Other cases have upheld the State’s ability to impose vaccination requirements.  In 1944, the Supreme Court in Prince v. Massachusetts, held that state law prohibiting child labor on streets and public places is constitutional as applied to a child member of a religion who is offering religious materials for money. Prince was not about vaccines, rather it involved a mother who was a Jehovah’s Witnesses, who violated child labor laws by making her nine year old daughter sell Jehovah’s Witnesses reading material on the street. The mother argued that the state was overstepping and that it was a violation of religious freedom to not allow her daughter to sell religious books on the street. The Court disagreed.

The Court reasoned that freedom of religion does not include the right to expose the community to potential harm or ill.  Parental authority is not absolute and can be permissibly restricted if doing so is in the interests of a child’s welfare. The state may constitutionally require that children go to school and that their employment be prohibited. Child labor is especially damaging, and the state is therefore empowered to prohibit it. While an adult is free to express their religion through acts of martyrdom, that freedom does not extend to making martyrs of children who are not old enough to make these decisions for themselves

In 2014, measles outbreaks in New York and California lead to vaccination requirements. In New York, a Brooklyn judge sided with New York public health officials to uphold a mandatory measles vaccinations order, dismissing a lawsuit from a group of parents who argued that the city had overstepped its power. The cases were centered in ultra-Orthodox Jewish communities in Brooklyn. The parents who fail to vaccinate their children will be fined, and many of the children will not be allowed to return to school until vaccinated.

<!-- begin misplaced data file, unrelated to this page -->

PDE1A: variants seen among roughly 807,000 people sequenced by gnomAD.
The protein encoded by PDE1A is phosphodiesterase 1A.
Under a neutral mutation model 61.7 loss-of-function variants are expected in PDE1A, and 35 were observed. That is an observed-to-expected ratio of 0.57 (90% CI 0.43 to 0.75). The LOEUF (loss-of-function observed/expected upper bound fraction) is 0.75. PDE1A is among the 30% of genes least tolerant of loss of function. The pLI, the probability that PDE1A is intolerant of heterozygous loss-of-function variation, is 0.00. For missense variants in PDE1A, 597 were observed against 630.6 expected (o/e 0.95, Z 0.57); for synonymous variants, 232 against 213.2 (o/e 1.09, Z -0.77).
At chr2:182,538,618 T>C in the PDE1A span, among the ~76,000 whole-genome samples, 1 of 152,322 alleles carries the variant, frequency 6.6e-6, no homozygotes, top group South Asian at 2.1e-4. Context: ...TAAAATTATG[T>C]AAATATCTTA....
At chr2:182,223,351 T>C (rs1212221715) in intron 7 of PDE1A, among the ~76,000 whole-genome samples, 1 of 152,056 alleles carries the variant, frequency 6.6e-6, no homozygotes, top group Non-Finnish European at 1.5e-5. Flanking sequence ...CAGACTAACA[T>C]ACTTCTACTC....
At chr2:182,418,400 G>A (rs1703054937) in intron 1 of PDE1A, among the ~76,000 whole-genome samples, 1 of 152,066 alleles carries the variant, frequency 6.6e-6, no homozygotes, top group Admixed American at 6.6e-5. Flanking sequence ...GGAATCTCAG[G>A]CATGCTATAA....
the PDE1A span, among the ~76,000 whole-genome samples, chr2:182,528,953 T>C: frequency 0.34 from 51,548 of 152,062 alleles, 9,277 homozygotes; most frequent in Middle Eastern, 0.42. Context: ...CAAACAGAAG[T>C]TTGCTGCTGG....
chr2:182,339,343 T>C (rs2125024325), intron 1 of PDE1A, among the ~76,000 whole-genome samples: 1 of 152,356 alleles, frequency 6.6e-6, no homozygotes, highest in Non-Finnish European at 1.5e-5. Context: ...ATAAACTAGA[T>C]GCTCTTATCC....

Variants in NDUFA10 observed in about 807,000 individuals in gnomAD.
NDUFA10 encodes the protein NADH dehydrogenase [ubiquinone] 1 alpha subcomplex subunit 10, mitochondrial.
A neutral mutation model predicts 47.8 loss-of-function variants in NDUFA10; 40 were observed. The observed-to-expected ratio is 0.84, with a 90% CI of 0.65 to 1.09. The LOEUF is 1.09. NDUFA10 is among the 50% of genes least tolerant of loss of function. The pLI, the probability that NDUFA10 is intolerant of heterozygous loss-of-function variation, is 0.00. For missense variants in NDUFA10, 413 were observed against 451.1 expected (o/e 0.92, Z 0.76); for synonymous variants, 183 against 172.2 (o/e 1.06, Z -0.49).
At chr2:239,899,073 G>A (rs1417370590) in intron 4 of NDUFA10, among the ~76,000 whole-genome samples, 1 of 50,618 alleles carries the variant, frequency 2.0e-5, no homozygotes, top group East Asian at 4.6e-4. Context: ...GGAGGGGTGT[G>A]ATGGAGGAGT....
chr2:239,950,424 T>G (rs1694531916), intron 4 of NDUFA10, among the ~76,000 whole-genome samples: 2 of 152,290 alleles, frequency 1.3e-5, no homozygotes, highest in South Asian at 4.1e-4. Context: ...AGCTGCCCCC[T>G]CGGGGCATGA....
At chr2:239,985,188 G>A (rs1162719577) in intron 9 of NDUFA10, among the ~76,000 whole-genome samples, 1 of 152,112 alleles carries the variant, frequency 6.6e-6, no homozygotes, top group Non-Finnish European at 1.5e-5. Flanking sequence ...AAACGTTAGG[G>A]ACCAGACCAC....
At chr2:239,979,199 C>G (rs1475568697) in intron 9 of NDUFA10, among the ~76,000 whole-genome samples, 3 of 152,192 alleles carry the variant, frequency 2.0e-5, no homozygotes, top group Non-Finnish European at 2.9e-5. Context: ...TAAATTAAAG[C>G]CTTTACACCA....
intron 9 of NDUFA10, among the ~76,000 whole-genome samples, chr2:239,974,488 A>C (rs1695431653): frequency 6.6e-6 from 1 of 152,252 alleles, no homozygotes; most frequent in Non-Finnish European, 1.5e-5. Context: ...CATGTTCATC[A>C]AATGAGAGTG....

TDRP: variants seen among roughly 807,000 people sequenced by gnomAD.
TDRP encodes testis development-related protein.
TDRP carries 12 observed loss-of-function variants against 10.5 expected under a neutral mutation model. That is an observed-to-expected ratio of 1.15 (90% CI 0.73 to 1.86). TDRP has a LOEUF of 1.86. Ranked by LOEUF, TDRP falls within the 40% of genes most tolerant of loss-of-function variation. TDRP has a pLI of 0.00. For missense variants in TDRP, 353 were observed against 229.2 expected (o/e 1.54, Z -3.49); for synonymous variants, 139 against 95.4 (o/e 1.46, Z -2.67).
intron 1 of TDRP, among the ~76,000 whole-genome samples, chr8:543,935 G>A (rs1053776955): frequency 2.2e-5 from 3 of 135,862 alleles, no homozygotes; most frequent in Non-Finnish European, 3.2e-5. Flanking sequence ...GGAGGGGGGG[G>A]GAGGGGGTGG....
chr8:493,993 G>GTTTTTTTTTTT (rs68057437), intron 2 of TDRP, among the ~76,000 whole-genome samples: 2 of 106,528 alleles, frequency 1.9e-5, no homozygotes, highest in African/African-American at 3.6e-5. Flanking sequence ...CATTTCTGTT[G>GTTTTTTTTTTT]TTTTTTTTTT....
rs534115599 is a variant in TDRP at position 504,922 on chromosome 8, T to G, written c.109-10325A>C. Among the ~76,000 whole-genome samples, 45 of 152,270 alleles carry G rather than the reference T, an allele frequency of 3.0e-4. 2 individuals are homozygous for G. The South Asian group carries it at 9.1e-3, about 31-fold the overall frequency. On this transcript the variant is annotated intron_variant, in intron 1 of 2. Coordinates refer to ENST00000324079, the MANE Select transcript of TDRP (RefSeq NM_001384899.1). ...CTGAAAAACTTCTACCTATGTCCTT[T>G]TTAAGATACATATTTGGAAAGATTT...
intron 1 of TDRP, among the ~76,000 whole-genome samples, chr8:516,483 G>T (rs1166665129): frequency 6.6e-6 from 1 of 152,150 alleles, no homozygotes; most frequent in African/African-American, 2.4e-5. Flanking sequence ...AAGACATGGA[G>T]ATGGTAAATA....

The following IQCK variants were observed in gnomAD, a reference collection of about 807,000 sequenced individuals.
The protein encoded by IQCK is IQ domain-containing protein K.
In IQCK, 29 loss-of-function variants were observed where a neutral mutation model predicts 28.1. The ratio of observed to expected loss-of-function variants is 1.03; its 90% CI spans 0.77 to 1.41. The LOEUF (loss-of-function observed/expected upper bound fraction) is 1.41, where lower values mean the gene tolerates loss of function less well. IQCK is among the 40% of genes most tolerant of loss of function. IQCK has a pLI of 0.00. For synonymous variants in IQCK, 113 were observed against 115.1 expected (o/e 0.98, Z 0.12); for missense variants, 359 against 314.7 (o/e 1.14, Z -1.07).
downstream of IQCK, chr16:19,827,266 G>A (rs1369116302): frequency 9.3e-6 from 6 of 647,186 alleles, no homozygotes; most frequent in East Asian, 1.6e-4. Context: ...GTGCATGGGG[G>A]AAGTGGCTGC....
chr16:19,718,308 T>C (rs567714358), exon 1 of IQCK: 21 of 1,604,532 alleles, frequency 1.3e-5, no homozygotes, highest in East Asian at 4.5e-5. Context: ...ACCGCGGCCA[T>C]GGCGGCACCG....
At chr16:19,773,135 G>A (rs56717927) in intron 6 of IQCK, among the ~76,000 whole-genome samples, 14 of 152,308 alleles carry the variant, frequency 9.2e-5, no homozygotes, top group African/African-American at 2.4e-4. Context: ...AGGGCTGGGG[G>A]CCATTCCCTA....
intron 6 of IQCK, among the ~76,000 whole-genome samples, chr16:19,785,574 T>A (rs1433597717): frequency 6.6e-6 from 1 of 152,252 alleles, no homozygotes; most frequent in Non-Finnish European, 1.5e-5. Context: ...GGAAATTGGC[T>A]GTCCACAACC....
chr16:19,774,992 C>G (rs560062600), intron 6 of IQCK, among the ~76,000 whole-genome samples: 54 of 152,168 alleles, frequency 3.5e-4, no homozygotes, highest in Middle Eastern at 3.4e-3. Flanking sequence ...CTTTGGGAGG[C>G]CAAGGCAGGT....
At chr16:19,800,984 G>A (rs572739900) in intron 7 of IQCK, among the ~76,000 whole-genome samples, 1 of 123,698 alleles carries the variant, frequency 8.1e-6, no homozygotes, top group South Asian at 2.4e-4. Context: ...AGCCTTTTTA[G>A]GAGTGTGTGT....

In California, a measles outbreak linked to Disneyland spread in 2015. Measles is so contagious that one person with measles is expected to infect between 12 and 18 others. Legislators promptly took action following the Disneyland outbreak, and now  parents are prohibited from opting out of vaccines because of their personal beliefs. Now, parents in California can excuse children from vaccines only if their child has a medical reason not to be vaccinated.

The primary reasons for these outbreaks were religious exemptions in New York and personal belief exemptions in California. However, after these outbreaks the legislators of California and New York revoked nonmedical exemptions as a result so that they could ensure higher rates of people immunized against measles.

Mandatory vaccination will probably not look like a federal government vaccination requirement.  Instead, it might be a de facto requirement.  Employers, schools, and other countries will likely require their employers, students, and visitors get vaccinated.  So, to participate in everyday activities, a vaccine will likely be needed.  For example, the idea has been floating around that many concert venues, music festivals, and sports arenas will require proof of vaccination before allowing individuals to purchase tickets. Only time will tell if this becomes a reality.

States will be allowed to impose vaccination requirements based on current case law to protect public health. However, I believe the law should apply certain exceptions that allow people to avoid prosecution based on health risks for potential side effects.

Attorney DelSignore filmed a video on COVID-19 and the law.

 

Difficult choice ahead regarding COVID-19 

These are difficult choices for public officials as the mass outbreak of COVID-19 has required a vaccination to be rushed without as much time for study by the scientific community.  However, the risk of under vaccination is that COVID-19 continues to spread.  As a lawyer, it is important for us to continue to monitor the public’s health risk versus the potential side effects individuals may develop as a result of the vaccination.

These Legal issues surrounding the vaccination will continue to develop as the vaccine is ruled out during 2021.  To learn more about current issues in the law, follow Attorney DelSignore on Facebook.

To read more about COVID-19 and mandatory vaccinations, you can read this Article from Today.